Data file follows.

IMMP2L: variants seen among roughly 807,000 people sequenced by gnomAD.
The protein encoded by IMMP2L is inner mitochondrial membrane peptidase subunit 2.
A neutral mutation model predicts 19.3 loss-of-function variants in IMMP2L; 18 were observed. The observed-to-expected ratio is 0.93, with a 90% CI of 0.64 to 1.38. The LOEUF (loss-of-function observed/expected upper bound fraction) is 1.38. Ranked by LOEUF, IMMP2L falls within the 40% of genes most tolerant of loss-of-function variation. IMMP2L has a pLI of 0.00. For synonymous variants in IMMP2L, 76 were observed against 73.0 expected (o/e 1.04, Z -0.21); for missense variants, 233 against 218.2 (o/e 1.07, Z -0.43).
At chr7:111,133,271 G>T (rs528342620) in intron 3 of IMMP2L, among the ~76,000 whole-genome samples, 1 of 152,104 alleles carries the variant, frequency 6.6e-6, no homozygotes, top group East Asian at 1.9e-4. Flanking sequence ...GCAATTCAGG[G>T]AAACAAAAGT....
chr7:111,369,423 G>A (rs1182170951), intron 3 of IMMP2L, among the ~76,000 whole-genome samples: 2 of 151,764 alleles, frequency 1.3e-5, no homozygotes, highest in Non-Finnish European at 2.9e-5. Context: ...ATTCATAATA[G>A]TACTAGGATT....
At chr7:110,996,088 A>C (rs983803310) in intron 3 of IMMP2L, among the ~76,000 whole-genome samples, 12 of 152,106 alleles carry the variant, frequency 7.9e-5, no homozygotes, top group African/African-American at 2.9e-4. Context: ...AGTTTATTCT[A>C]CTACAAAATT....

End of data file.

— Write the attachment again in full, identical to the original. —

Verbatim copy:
IMMP2L: variants seen among roughly 807,000 people sequenced by gnomAD.
The protein encoded by IMMP2L is inner mitochondrial membrane peptidase subunit 2.
A neutral mutation model predicts 19.3 loss-of-function variants in IMMP2L; 18 were observed. The observed-to-expected ratio is 0.93, with a 90% CI of 0.64 to 1.38. The LOEUF (loss-of-function observed/expected upper bound fraction) is 1.38. Ranked by LOEUF, IMMP2L falls within the 40% of genes most tolerant of loss-of-function variation. IMMP2L has a pLI of 0.00. For synonymous variants in IMMP2L, 76 were observed against 73.0 expected (o/e 1.04, Z -0.21); for missense variants, 233 against 218.2 (o/e 1.07, Z -0.43).
At chr7:111,133,271 G>T (rs528342620) in intron 3 of IMMP2L, among the ~76,000 whole-genome samples, 1 of 152,104 alleles carries the variant, frequency 6.6e-6, no homozygotes, top group East Asian at 1.9e-4. Flanking sequence ...GCAATTCAGG[G>T]AAACAAAAGT....
chr7:111,369,423 G>A (rs1182170951), intron 3 of IMMP2L, among the ~76,000 whole-genome samples: 2 of 151,764 alleles, frequency 1.3e-5, no homozygotes, highest in Non-Finnish European at 2.9e-5. Context: ...ATTCATAATA[G>A]TACTAGGATT....
At chr7:110,996,088 A>C (rs983803310) in intron 3 of IMMP2L, among the ~76,000 whole-genome samples, 12 of 152,106 alleles carry the variant, frequency 7.9e-5, no homozygotes, top group African/African-American at 2.9e-4. Context: ...AGTTTATTCT[A>C]CTACAAAATT....